"The fire!" they cried. "Ha, to burn them i' the fire!"
"But so to do," quoth Beltane, "rats must become wolves. Valiant men ye are I know, yet are ye but a poor unordered rabblement, mete for slaughter. So now will I teach ye, how here within the wild-wood we may withstand Black Ivo and all his powers. Giles, bring now the book of clean parchment I took from Garthlaxton, together with pens and ink-horn, and it shall be henceforth a record of us every one, our names, our number, and the good or ill we each one do achieve."
So there and then, while the sun rose high and higher and the mists of dawn thinned and vanished, phantom-like, the record was begun. Two hundred and twenty and four they mustered, and the name of each and every Giles duly wrote down within the book in right fair and clerkly hand. Thereafter Beltane numbered them into four companies; over the first company he set Walkyn, over the second Giles, over the third Roger, and over the fourth Eric of the wry neck. Moreover he caused to be brought all the armour they had won, and ordered that all men should henceforth go armed from head to foot, yet many there were that needs must go short awhile.
Now he ordained these four companies should keep watch and watch day and night with sentinels and outposts in the green; and when they murmured at this he stared them into silence.
"Fools!" said he, "an ye would lie secure, so must ye watch constantly against surprise. And furthermore shall ye exercise daily now, at the spoke command, to address your pikes 'gainst charge of horse or foot, and to that company adjudged the best and stoutest will I, each week, give store of money from my share of booty. So now, Walkyn, summon ye your company and get to your ward."
Thus it was that slowly out of chaos came order, yet it came not unopposed, for many and divers were they that growled against this new order of things; but Beltane's hand was swift and heavy, moreover, remembering how he had dealt with Tostig, they growled amain but hasted to obey. So, in place of idleness was work, and instead of quarrel and riot was peace among the wild men and a growing content. Insomuch that upon a certain balmy eve, Giles the Archer, lolling beside the fire looking upon Black Roger, who sat beside him furbishing his mail-shirt, spake his mind on this wise:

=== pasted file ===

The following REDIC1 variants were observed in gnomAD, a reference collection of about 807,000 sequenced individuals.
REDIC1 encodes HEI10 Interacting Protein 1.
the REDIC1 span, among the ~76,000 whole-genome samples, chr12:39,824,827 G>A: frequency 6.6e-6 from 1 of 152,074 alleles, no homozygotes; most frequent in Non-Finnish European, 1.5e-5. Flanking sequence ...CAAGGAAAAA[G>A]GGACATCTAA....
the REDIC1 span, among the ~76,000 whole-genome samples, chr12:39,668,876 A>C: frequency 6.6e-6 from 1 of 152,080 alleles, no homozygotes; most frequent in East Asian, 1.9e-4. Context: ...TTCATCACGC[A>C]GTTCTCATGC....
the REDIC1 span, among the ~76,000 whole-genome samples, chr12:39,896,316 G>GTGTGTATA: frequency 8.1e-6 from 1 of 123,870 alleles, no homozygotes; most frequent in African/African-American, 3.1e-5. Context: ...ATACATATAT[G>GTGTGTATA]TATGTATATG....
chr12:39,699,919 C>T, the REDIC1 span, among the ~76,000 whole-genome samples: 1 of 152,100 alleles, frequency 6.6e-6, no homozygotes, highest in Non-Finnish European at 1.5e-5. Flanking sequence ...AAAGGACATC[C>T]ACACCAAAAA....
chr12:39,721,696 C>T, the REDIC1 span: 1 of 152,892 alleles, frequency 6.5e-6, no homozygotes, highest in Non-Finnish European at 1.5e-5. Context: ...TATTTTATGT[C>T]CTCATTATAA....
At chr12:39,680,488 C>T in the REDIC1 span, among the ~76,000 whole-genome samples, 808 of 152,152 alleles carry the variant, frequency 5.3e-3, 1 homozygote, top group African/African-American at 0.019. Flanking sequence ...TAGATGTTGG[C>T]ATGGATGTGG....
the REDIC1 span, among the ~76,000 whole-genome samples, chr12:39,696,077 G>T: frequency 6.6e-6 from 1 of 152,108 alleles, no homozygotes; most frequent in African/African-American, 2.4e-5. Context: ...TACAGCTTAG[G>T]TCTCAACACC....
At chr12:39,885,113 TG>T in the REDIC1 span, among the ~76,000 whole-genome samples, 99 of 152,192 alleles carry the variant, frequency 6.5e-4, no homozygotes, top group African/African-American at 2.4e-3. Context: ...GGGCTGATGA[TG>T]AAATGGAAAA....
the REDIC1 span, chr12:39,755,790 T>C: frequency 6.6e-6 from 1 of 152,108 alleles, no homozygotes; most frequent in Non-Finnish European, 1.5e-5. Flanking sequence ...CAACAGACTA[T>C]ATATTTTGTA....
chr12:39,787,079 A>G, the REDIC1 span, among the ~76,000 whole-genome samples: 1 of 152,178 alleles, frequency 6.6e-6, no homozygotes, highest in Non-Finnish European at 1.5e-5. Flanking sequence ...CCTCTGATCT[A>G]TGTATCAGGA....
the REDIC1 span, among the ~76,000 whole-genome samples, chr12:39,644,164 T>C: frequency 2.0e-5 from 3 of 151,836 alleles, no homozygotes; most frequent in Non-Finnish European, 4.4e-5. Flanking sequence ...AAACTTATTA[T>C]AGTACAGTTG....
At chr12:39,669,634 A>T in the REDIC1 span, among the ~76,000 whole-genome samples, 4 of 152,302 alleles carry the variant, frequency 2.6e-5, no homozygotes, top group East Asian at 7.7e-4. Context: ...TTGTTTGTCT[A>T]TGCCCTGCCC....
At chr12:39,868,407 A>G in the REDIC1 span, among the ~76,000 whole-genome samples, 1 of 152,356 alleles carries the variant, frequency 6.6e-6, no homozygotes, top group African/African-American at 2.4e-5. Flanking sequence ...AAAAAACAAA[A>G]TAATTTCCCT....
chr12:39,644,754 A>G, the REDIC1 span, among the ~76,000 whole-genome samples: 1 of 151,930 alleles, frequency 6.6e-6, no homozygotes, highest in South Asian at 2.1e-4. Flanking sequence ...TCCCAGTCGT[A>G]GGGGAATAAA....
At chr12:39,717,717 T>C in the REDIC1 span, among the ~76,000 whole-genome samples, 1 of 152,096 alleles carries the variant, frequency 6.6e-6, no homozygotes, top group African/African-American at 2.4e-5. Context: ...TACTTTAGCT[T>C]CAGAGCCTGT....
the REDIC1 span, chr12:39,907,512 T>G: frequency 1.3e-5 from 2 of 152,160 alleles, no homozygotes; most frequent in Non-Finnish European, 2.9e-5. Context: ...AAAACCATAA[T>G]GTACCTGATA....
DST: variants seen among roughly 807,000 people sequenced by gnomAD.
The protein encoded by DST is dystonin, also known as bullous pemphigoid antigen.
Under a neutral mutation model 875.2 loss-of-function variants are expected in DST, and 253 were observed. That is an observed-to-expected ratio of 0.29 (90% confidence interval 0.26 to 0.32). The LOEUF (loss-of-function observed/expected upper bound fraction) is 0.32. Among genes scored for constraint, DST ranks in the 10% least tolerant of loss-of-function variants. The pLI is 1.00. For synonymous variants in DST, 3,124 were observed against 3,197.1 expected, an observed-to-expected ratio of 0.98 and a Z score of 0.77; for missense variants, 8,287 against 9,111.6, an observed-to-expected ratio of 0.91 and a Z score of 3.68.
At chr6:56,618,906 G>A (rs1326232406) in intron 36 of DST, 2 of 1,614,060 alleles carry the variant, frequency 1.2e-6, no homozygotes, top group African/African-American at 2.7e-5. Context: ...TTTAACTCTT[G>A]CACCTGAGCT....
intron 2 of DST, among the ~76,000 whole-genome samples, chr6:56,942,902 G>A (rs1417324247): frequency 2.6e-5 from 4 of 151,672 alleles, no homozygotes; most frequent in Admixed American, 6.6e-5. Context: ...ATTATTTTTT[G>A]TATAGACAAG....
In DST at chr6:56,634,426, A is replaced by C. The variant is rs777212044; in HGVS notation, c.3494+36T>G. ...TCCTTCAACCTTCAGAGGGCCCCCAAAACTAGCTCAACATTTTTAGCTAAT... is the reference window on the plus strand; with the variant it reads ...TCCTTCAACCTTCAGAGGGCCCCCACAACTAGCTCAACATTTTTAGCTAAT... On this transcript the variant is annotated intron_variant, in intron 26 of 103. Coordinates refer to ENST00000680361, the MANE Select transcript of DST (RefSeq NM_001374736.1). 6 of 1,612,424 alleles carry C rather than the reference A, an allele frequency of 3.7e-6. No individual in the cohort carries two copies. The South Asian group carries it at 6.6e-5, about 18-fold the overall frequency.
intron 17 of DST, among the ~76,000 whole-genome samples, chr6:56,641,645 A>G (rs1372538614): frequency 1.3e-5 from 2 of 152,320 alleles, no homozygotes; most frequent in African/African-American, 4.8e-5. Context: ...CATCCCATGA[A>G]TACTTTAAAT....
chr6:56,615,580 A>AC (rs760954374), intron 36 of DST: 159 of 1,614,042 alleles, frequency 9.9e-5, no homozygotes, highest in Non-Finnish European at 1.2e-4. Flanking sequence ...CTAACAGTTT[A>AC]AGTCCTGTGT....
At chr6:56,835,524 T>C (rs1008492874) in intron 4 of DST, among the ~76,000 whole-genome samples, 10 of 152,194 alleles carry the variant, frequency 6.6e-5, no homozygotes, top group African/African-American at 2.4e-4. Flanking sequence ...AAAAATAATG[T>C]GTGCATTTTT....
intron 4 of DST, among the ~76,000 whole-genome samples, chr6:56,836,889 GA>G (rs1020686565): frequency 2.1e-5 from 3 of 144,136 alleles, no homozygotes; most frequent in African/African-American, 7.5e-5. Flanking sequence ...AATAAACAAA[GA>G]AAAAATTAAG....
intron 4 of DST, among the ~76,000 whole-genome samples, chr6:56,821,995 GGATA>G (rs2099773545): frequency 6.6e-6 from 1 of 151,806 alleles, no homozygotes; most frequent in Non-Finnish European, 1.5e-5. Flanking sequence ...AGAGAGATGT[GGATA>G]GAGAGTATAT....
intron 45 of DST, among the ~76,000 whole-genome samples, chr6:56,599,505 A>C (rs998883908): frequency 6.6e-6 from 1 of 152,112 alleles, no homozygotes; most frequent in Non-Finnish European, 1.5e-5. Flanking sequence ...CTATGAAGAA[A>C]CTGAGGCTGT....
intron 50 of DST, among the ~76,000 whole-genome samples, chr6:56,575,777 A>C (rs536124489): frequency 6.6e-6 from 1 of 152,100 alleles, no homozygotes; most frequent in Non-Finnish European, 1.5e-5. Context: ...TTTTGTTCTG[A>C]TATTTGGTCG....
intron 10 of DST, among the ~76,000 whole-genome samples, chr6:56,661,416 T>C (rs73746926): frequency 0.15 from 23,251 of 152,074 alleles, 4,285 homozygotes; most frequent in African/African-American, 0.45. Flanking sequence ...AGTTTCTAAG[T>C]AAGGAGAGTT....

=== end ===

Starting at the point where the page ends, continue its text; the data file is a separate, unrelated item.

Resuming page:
"Mark ye these lamb-like wolves of ours, sweet Roger? There hath been no blood-letting betwixt them these four days, and scarce a quarrel."
ROGER. "Aye, this comes of my lord. My master hath a wondrous tongue, Giles."
GILES. "My brother-in-arms hath a wondrous strong fist, Rogerkin--"
ROGER. "Thy brother-in-arms, archer? Thine, forsooth! Ha!"
GILES. "Snort not, my gentle Roger, for I fell in company with him ere he knew aught of thee--so thy snort availeth nothing, my Rogerkin. Howbeit, our snarling wolves do live like tender lambs these days, the which doth but go to prove how blessed a thing is a fist--a fist, mark you, strong to strike, big to buffet, and swift to smite: a capable fist, Roger, to strike, buffet and smite a man to the good of his soul."
ROGER. "In sooth my master is a noble knight, ne'er shall we see his equal. And yet, Giles, methinks he doth mope and grieve these days. He groweth pale-cheeked and careworn, harsh of speech and swift to anger. Behold him now!" and Roger pointed to where Beltane sat apart (as was become his wont of late) his axe betwixt his knees, square chin propped upon clenched fist, scowling into the fire that burned before his sleeping-cave.
"Whence cometh the so great change in him, think you, Giles?"
"For that, while I am I and he is himself, thou art but what thou art, my Rogerkin--well enough after thy fashion, mayhap, but after all thou art only thyself."